Sunday, September 23, 2007

Portage Lakes Triathlon

Well, my first triathlon season has come to a close. My final race this summer was the Portage Lakes International first oly. As I mentioned HFP did not get a time for me. I have some approximate splits that I've got from glancing at my watch and my bike computer.

With Portage Lakes State Park, the race site, close to home and having an 8:00 start I got to sleep in until about 5:30. I awoke and took my dog out and was greeted by some BRISK morning air. Temps. were in the low 40's. I brewed my java...Green Mountain Autumn Harvest Blend. I ate my bagel with strawberry jelly and a banana. Grabbed my bags, stuck Amaterasu on the roof and I was off.

I arrived at the race site just before 7:00 a.m. and the parking lot was packed!! As I was milling around, setting up my transition, etc. everyone had something to say about the cold morning. Some folks were wearing stocking hats and gloves. After setting up my typical transition I put my cold weather gear in a pile and contemplated what to leave out on my towel for T1. Final decision was arm warmers and full finger gloves (the liner hat, windbreaker, and leg warmers stayed in my backpack). Off I went towards the beach.


The course was 2 loops counterclockwise with a water start. Water temps were perfect, around 68 degrees. I took a nice long warm-up as all the sprinters started first. Soon enough it was time for my wave, the 2nd international wave to go. There were about 50 of us, the biggest wave start I've had all summer. I lined up towards the front and left of the pack. The horn sounded and we were off, swimming towards the rising sun (and 2 giant yellow buoys we couldn't see in the sunlight). The first couple hundred metres things were tight. Bumping shoulders. Hands and arms on my legs. As we were nearing the first turn the lake was full of some sort of seaweed stuff that was strange to pull through. Imagine a net that never seemed to tangle your hands up, but felt like it was about to. I wondered if this race was some trick to catch all the triathletes in some giant net and have a triathlete bake (you know, like a clam bake).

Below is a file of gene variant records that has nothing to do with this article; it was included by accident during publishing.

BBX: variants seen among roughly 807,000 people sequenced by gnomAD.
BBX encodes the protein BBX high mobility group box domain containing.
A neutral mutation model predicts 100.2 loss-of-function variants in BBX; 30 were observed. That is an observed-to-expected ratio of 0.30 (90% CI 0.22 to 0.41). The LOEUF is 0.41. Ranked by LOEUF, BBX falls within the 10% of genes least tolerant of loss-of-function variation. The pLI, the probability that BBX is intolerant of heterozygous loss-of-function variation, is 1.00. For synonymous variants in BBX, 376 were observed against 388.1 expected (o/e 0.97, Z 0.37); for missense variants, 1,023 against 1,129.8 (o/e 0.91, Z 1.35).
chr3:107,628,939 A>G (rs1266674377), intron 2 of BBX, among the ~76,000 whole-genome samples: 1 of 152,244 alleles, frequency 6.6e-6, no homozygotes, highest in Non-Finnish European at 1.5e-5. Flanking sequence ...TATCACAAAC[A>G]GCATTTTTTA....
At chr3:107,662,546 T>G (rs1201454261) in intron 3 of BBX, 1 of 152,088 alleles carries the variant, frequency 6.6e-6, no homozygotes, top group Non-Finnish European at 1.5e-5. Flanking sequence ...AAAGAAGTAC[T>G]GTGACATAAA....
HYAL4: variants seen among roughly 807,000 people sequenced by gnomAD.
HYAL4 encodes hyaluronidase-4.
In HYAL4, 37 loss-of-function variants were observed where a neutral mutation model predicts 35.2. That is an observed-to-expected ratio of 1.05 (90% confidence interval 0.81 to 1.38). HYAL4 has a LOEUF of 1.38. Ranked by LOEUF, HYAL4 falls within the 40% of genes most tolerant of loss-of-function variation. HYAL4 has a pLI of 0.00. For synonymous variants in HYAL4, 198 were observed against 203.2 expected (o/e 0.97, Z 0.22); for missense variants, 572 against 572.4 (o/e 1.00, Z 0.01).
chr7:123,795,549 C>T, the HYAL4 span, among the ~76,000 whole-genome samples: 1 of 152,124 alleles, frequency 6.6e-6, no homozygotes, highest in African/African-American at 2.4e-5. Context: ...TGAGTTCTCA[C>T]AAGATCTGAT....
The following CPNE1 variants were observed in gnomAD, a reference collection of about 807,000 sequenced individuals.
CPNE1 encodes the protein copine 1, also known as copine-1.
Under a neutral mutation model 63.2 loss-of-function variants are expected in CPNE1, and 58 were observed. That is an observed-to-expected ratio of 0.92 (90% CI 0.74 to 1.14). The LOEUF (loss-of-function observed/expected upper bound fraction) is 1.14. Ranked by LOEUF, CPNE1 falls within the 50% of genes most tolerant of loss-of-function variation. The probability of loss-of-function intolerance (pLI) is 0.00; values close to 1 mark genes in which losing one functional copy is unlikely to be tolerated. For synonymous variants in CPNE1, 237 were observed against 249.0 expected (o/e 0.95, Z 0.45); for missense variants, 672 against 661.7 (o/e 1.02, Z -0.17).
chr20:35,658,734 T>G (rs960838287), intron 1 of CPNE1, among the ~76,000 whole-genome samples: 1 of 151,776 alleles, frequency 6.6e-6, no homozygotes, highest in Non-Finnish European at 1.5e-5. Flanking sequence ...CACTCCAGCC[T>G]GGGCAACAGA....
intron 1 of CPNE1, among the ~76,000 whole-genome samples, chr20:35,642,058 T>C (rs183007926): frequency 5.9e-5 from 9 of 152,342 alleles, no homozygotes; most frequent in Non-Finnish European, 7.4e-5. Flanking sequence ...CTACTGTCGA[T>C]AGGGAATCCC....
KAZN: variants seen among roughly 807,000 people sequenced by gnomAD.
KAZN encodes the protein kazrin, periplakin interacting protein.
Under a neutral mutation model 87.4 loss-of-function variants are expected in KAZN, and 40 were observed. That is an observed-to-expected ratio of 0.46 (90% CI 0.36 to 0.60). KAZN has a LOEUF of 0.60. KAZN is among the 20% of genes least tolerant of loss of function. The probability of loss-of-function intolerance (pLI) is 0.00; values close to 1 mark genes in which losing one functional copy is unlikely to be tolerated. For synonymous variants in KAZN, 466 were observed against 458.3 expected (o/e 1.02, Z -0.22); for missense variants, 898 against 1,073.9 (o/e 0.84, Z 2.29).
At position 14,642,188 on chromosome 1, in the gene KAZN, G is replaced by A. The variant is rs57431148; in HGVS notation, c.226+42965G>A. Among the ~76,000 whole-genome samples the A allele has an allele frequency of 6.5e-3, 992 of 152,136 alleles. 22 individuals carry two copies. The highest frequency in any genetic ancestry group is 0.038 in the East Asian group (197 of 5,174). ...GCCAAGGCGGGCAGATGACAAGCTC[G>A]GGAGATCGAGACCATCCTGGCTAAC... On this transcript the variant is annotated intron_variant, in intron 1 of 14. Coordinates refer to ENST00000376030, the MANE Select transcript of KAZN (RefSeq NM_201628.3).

At the first turn buoy I found clear water and could really open up my stroke. For the first time in a race my heart rate didn't skyrocket at the beginning of the swim. Maybe it was my long warm-up. Maybe all the swimming I've been doing is paying off. Either way, it was nice not to feel oxygen deprived at any point of the swim. I felt so comfortable I tried some bilateral breathing for the first time in a race but didn't stick with it because I could feel my heart rate go up immediately.

As I entered into the surreal state of

murky water...breath...

that is open water swimming, I zig-zagged quite a bit and at one point was cut off by a lifeguard in a kayak who was pointing out towards the middle of the lake yelling "go that way." Note to self: need to work on sighting and swimming in a straight line. Before I knew it my hands were dragging on the beach and I stood (and stumbled) to head towards T1.

I took the run up the beach nice and easy. Since my HR stayed down so low during the swim I wanted to take advantage of that as best I could and get on the bike with it down lower yet. T1 was slow as I took my time and had trouble getting my wetsuit over my ankles. It could be that I remembered the timing chip fiasco at GCT, so I was sure not to lose my ankle bracelet. Little did I know it wouldn't have mattered anyways. My race was already a DNS (sort of). Unbeknownst of this fact I noticed my timing chip didn't beep coming out of T1 and asked the volunteer at the bike mount about this. She had no idea what I was talking about (what?? beep?? huh??) and I didn't worry about it as I didn't hear the mat beep for the guy next to me either.


Heading out of T1 I glanced at my watch and saw it ticking at 23 minutes and change...whoa!! Best swim of my life!! The swim course was short but I was still feeling great about my time. Hopped on Amaterasu to a brisk breeze heading out onto the bike course. The course was two loops of rolling hills around Lake Nimisilla. Immediately I noticed that the cold wasn't bothering me too much, except that my hips were really, really tight. They didn't loosen up until I had completed most of the first loop. Once I finally got loose I kept a nice pace and decided to open it up on the 2nd loop...get out of the saddle to crest some of the rollers, etc. I was feeling good. The front of my legs were a pink/purple color but they felt fine.